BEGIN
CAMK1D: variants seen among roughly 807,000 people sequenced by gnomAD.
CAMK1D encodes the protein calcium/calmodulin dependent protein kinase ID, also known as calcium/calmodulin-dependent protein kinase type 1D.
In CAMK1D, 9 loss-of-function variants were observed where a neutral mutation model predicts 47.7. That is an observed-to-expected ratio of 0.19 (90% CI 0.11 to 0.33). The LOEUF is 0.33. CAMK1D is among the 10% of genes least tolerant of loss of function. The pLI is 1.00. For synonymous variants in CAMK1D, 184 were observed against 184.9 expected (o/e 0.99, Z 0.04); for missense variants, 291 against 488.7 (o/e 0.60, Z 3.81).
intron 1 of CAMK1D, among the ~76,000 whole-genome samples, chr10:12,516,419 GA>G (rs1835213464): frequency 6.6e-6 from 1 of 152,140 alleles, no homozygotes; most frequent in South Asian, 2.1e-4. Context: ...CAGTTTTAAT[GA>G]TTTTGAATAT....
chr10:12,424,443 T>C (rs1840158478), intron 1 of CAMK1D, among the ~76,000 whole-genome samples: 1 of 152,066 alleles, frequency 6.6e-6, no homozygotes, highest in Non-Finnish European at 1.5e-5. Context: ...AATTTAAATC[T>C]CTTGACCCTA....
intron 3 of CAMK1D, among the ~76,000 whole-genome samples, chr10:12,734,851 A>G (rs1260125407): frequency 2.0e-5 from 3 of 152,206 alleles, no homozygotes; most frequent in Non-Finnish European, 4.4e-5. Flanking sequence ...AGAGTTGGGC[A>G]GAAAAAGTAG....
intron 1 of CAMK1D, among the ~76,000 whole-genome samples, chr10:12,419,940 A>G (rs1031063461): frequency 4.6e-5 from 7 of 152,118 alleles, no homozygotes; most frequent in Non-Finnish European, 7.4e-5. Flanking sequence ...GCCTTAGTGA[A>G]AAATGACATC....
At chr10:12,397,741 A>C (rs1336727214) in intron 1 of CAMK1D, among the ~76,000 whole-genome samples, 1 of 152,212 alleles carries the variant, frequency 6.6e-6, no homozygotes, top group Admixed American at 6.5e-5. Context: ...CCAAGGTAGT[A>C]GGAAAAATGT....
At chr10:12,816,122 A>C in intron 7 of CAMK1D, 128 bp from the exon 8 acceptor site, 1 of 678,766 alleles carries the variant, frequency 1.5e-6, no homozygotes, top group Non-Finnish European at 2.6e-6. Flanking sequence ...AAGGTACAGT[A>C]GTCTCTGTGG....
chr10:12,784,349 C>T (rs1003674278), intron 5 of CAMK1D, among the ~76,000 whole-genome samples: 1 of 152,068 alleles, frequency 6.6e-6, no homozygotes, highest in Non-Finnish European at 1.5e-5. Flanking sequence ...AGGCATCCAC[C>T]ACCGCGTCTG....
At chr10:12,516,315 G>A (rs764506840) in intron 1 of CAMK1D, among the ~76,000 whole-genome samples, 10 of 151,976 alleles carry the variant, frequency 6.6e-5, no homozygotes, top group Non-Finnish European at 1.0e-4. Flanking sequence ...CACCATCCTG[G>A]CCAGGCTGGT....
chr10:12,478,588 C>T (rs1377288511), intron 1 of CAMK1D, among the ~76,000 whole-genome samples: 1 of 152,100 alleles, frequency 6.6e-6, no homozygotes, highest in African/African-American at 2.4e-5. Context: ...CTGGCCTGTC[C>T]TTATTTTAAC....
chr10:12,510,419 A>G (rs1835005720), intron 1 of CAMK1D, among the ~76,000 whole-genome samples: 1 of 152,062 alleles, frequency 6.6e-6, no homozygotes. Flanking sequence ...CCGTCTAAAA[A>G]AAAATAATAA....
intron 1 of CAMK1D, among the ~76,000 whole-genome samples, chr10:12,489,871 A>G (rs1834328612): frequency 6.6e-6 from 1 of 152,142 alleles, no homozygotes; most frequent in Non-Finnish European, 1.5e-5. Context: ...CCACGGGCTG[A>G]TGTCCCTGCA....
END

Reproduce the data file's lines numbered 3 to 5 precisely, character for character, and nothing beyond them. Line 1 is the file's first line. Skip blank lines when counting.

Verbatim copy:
In CAMK1D, 9 loss-of-function variants were observed where a neutral mutation model predicts 47.7. That is an observed-to-expected ratio of 0.19 (90% CI 0.11 to 0.33). The LOEUF is 0.33. CAMK1D is among the 10% of genes least tolerant of loss of function. The pLI is 1.00. For synonymous variants in CAMK1D, 184 were observed against 184.9 expected (o/e 0.99, Z 0.04); for missense variants, 291 against 488.7 (o/e 0.60, Z 3.81).
intron 1 of CAMK1D, among the ~76,000 whole-genome samples, chr10:12,516,419 GA>G (rs1835213464): frequency 6.6e-6 from 1 of 152,140 alleles, no homozygotes; most frequent in South Asian, 2.1e-4. Context: ...CAGTTTTAAT[GA>G]TTTTGAATAT....
chr10:12,424,443 T>C (rs1840158478), intron 1 of CAMK1D, among the ~76,000 whole-genome samples: 1 of 152,066 alleles, frequency 6.6e-6, no homozygotes, highest in Non-Finnish European at 1.5e-5. Context: ...AATTTAAATC[T>C]CTTGACCCTA....